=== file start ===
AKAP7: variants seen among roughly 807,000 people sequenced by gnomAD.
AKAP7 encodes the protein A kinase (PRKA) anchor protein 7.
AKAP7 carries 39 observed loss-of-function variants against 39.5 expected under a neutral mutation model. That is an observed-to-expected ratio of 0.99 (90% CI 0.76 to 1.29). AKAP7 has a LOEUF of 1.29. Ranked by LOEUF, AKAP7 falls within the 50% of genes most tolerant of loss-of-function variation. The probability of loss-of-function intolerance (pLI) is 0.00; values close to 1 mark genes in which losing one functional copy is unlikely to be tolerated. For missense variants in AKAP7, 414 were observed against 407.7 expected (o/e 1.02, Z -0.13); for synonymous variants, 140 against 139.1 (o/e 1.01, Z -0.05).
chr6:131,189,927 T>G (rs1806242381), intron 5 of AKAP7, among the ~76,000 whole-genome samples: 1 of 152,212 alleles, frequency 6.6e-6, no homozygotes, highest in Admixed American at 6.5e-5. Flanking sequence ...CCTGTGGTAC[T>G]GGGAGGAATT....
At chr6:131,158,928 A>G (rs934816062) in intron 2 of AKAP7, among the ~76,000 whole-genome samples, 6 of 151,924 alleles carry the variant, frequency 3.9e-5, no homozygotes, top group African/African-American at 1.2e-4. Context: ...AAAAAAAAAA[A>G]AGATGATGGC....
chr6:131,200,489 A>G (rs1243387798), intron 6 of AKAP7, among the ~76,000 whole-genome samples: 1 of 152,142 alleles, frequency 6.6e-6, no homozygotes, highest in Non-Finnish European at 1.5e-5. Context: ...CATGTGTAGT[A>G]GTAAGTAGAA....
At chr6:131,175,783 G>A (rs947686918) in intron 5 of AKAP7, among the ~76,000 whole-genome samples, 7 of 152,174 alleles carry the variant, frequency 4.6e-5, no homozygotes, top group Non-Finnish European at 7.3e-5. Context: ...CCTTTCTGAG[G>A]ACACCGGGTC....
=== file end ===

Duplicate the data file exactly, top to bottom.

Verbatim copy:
AKAP7: variants seen among roughly 807,000 people sequenced by gnomAD.
AKAP7 encodes the protein A kinase (PRKA) anchor protein 7.
AKAP7 carries 39 observed loss-of-function variants against 39.5 expected under a neutral mutation model. That is an observed-to-expected ratio of 0.99 (90% CI 0.76 to 1.29). AKAP7 has a LOEUF of 1.29. Ranked by LOEUF, AKAP7 falls within the 50% of genes most tolerant of loss-of-function variation. The probability of loss-of-function intolerance (pLI) is 0.00; values close to 1 mark genes in which losing one functional copy is unlikely to be tolerated. For missense variants in AKAP7, 414 were observed against 407.7 expected (o/e 1.02, Z -0.13); for synonymous variants, 140 against 139.1 (o/e 1.01, Z -0.05).
chr6:131,189,927 T>G (rs1806242381), intron 5 of AKAP7, among the ~76,000 whole-genome samples: 1 of 152,212 alleles, frequency 6.6e-6, no homozygotes, highest in Admixed American at 6.5e-5. Flanking sequence ...CCTGTGGTAC[T>G]GGGAGGAATT....
At chr6:131,158,928 A>G (rs934816062) in intron 2 of AKAP7, among the ~76,000 whole-genome samples, 6 of 151,924 alleles carry the variant, frequency 3.9e-5, no homozygotes, top group African/African-American at 1.2e-4. Context: ...AAAAAAAAAA[A>G]AGATGATGGC....
chr6:131,200,489 A>G (rs1243387798), intron 6 of AKAP7, among the ~76,000 whole-genome samples: 1 of 152,142 alleles, frequency 6.6e-6, no homozygotes, highest in Non-Finnish European at 1.5e-5. Context: ...CATGTGTAGT[A>G]GTAAGTAGAA....
At chr6:131,175,783 G>A (rs947686918) in intron 5 of AKAP7, among the ~76,000 whole-genome samples, 7 of 152,174 alleles carry the variant, frequency 4.6e-5, no homozygotes, top group Non-Finnish European at 7.3e-5. Context: ...CCTTTCTGAG[G>A]ACACCGGGTC....